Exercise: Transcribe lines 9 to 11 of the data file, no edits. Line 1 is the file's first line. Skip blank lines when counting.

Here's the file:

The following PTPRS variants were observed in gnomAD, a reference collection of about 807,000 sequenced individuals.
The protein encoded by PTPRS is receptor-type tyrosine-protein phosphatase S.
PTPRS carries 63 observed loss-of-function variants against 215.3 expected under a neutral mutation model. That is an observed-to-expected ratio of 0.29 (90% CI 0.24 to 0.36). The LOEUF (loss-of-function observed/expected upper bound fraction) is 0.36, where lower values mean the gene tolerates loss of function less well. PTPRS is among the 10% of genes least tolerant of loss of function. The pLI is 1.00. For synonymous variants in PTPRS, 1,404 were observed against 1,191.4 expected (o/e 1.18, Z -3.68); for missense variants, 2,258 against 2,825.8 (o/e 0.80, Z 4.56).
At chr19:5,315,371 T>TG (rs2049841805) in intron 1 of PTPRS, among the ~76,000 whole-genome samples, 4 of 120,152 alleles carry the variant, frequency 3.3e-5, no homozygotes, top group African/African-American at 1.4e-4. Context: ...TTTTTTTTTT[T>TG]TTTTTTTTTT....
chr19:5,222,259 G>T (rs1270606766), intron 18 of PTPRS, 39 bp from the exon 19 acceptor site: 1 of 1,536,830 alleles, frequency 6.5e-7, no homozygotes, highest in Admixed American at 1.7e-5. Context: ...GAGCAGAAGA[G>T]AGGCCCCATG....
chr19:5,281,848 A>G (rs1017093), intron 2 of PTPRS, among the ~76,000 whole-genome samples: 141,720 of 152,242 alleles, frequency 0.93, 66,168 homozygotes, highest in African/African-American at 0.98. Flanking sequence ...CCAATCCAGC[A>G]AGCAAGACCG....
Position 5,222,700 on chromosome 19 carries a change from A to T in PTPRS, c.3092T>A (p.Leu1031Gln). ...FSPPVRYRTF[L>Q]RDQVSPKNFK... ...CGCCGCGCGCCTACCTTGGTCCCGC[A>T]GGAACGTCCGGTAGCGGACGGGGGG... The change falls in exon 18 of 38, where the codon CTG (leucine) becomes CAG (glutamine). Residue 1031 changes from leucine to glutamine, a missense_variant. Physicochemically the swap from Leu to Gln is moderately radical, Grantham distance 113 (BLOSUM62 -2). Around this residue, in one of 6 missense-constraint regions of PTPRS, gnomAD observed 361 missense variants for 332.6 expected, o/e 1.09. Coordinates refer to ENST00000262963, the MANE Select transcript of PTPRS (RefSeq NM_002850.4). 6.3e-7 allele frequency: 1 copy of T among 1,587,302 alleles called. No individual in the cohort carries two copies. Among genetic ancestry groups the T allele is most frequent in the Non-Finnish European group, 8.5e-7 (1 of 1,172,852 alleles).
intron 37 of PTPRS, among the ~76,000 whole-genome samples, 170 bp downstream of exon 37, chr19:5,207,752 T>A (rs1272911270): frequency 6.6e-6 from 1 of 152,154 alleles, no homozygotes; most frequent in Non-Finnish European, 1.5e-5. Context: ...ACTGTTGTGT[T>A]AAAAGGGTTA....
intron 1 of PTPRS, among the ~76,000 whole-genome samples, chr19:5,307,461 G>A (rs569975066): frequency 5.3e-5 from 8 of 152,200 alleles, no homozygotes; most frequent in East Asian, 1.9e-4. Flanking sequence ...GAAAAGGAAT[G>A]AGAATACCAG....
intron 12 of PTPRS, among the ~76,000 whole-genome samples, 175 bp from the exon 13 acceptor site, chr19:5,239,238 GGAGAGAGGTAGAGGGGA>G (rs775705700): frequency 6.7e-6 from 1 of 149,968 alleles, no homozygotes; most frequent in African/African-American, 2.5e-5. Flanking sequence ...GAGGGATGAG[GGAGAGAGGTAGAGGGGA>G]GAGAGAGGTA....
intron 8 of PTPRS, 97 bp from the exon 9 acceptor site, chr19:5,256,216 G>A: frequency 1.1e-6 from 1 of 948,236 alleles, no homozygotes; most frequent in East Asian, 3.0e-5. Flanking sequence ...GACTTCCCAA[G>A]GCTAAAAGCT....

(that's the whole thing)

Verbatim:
intron 1 of PTPRS, among the ~76,000 whole-genome samples, chr19:5,307,461 G>A (rs569975066): frequency 5.3e-5 from 8 of 152,200 alleles, no homozygotes; most frequent in East Asian, 1.9e-4. Flanking sequence ...GAAAAGGAAT[G>A]AGAATACCAG....
intron 12 of PTPRS, among the ~76,000 whole-genome samples, 175 bp from the exon 13 acceptor site, chr19:5,239,238 GGAGAGAGGTAGAGGGGA>G (rs775705700): frequency 6.7e-6 from 1 of 149,968 alleles, no homozygotes; most frequent in African/African-American, 2.5e-5. Flanking sequence ...GAGGGATGAG[GGAGAGAGGTAGAGGGGA>G]GAGAGAGGTA....
intron 8 of PTPRS, 97 bp from the exon 9 acceptor site, chr19:5,256,216 G>A: frequency 1.1e-6 from 1 of 948,236 alleles, no homozygotes; most frequent in East Asian, 3.0e-5. Flanking sequence ...GACTTCCCAA[G>A]GCTAAAAGCT....